Introduction to Science and Its Information Sources

  • Published on
    27-Jan-2017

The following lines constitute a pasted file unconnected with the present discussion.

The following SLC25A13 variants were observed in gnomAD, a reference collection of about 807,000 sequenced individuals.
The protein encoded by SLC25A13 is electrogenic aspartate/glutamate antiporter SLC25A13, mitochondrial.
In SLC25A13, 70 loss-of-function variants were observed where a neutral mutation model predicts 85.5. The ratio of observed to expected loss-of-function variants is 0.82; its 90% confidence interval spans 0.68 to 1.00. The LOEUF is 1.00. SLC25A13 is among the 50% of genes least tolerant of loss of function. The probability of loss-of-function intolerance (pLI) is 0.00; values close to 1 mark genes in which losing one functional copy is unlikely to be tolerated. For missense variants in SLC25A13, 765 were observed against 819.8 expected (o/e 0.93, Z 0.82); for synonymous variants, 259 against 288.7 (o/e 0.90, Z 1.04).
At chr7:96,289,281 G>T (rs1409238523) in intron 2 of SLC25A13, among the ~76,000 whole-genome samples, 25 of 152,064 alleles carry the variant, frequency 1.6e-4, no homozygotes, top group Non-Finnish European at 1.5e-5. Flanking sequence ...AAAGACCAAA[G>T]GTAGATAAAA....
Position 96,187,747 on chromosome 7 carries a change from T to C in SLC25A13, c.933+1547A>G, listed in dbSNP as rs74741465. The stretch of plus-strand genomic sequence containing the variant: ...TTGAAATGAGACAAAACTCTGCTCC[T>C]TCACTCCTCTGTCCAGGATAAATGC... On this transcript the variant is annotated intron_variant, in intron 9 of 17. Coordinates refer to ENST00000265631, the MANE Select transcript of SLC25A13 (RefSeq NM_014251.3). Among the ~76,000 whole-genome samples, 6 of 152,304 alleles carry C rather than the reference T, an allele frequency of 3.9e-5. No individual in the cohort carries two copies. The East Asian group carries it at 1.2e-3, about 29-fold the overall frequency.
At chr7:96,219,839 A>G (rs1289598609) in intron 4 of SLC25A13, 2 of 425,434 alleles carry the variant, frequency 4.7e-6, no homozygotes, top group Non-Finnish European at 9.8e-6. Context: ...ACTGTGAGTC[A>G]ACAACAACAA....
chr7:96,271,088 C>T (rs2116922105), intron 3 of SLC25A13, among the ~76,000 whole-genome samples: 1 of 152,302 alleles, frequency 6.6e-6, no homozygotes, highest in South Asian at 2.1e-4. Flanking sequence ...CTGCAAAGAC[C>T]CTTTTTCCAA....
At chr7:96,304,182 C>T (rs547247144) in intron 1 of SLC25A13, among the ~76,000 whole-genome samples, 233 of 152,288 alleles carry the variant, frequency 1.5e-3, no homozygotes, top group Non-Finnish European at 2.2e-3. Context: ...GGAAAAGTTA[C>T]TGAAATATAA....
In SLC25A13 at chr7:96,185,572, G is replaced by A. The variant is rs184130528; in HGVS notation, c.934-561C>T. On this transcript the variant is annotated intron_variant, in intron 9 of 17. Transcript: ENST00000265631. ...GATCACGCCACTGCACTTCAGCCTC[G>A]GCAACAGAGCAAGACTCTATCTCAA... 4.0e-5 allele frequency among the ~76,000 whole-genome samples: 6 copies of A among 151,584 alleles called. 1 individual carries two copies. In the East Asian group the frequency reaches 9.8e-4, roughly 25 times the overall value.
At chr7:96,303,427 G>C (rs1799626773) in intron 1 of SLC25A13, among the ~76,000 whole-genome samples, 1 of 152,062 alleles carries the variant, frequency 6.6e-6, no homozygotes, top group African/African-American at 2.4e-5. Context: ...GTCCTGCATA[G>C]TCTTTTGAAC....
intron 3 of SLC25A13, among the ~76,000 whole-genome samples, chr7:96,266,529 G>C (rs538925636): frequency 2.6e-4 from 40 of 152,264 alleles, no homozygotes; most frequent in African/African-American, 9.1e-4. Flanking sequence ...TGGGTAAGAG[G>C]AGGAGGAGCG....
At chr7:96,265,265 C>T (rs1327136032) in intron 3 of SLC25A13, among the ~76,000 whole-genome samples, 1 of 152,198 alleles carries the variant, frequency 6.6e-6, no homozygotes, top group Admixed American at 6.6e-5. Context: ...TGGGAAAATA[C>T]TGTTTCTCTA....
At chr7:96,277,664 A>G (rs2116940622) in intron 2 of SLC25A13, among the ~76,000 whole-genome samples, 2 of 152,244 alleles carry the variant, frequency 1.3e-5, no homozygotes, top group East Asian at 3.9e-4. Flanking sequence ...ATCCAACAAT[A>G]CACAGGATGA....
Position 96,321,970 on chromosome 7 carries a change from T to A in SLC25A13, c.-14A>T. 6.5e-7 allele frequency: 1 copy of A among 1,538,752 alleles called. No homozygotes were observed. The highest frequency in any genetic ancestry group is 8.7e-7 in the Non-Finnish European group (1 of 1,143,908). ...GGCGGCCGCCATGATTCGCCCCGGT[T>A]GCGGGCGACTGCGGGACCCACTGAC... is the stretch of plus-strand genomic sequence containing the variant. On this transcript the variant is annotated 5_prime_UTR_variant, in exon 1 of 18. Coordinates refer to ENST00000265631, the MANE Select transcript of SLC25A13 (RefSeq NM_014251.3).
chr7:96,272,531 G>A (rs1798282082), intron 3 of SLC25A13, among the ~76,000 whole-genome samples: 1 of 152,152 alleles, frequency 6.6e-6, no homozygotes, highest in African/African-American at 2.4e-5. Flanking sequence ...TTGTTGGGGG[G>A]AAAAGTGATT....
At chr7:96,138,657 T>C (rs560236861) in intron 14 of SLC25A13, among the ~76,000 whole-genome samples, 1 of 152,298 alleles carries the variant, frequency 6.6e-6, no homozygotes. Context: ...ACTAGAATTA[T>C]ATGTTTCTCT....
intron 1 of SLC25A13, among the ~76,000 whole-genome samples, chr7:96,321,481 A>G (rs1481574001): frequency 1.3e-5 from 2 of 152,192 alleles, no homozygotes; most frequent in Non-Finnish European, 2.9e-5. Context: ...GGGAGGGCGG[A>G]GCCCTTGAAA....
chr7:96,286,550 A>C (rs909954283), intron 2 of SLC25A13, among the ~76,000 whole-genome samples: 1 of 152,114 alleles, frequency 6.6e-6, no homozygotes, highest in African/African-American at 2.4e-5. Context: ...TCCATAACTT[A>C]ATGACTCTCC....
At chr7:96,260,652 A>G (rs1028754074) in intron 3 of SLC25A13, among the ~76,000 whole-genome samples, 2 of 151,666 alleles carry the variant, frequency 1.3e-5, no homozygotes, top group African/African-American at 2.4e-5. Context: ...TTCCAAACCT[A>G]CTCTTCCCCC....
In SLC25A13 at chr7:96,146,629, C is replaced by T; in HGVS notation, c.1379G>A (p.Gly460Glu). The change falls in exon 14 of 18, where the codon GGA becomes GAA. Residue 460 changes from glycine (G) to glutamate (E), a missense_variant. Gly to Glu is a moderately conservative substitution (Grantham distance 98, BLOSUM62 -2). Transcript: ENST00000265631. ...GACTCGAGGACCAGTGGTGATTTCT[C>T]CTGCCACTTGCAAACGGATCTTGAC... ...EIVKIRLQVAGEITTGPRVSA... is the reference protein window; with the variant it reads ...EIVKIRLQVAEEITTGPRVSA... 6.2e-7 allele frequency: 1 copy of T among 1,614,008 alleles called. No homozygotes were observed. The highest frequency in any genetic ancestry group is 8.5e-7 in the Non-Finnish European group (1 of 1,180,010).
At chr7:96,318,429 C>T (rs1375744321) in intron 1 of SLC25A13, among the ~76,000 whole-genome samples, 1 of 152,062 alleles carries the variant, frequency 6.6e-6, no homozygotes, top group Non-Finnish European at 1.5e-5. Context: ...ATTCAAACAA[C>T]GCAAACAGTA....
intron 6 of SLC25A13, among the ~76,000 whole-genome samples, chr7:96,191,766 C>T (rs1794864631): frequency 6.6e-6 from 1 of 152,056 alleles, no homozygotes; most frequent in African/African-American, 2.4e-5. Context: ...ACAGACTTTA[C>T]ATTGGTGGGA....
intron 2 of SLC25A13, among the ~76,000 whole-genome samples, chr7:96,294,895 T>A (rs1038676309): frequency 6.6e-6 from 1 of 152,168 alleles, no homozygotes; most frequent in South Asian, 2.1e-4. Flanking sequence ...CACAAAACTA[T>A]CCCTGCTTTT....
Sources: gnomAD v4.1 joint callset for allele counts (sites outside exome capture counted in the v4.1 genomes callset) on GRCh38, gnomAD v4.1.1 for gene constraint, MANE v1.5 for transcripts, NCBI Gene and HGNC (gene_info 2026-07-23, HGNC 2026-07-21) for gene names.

• View
    321

  • Download
    0

Transcript